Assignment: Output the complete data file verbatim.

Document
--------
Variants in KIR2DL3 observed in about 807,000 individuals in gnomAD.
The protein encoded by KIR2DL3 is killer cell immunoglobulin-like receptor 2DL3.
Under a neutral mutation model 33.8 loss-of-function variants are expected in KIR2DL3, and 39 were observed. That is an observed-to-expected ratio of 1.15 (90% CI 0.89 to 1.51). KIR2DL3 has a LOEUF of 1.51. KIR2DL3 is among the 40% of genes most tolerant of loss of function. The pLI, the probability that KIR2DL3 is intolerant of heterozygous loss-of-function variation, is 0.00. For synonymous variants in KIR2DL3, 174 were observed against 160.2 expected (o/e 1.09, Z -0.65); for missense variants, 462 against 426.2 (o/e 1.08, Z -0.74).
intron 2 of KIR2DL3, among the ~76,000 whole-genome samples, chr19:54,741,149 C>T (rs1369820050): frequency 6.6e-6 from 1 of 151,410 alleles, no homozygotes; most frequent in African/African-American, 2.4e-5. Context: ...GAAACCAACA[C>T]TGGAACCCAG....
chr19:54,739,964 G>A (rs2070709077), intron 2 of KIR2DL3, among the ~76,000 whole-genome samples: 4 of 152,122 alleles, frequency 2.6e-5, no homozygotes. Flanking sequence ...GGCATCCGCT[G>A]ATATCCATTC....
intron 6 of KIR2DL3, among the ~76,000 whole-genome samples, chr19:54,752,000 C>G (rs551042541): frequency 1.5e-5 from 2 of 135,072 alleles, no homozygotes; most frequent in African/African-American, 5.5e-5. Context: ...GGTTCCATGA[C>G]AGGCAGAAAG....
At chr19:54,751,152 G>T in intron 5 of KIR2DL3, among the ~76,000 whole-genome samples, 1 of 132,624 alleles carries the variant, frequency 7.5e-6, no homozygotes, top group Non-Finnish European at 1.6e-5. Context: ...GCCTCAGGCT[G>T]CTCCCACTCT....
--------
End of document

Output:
Variants in KIR2DL3 observed in about 807,000 individuals in gnomAD.
The protein encoded by KIR2DL3 is killer cell immunoglobulin-like receptor 2DL3.
Under a neutral mutation model 33.8 loss-of-function variants are expected in KIR2DL3, and 39 were observed. That is an observed-to-expected ratio of 1.15 (90% CI 0.89 to 1.51). KIR2DL3 has a LOEUF of 1.51. KIR2DL3 is among the 40% of genes most tolerant of loss of function. The pLI, the probability that KIR2DL3 is intolerant of heterozygous loss-of-function variation, is 0.00. For synonymous variants in KIR2DL3, 174 were observed against 160.2 expected (o/e 1.09, Z -0.65); for missense variants, 462 against 426.2 (o/e 1.08, Z -0.74).
intron 2 of KIR2DL3, among the ~76,000 whole-genome samples, chr19:54,741,149 C>T (rs1369820050): frequency 6.6e-6 from 1 of 151,410 alleles, no homozygotes; most frequent in African/African-American, 2.4e-5. Context: ...GAAACCAACA[C>T]TGGAACCCAG....
chr19:54,739,964 G>A (rs2070709077), intron 2 of KIR2DL3, among the ~76,000 whole-genome samples: 4 of 152,122 alleles, frequency 2.6e-5, no homozygotes. Flanking sequence ...GGCATCCGCT[G>A]ATATCCATTC....
intron 6 of KIR2DL3, among the ~76,000 whole-genome samples, chr19:54,752,000 C>G (rs551042541): frequency 1.5e-5 from 2 of 135,072 alleles, no homozygotes; most frequent in African/African-American, 5.5e-5. Context: ...GGTTCCATGA[C>G]AGGCAGAAAG....
At chr19:54,751,152 G>T in intron 5 of KIR2DL3, among the ~76,000 whole-genome samples, 1 of 132,624 alleles carries the variant, frequency 7.5e-6, no homozygotes, top group Non-Finnish European at 1.6e-5. Context: ...GCCTCAGGCT[G>T]CTCCCACTCT....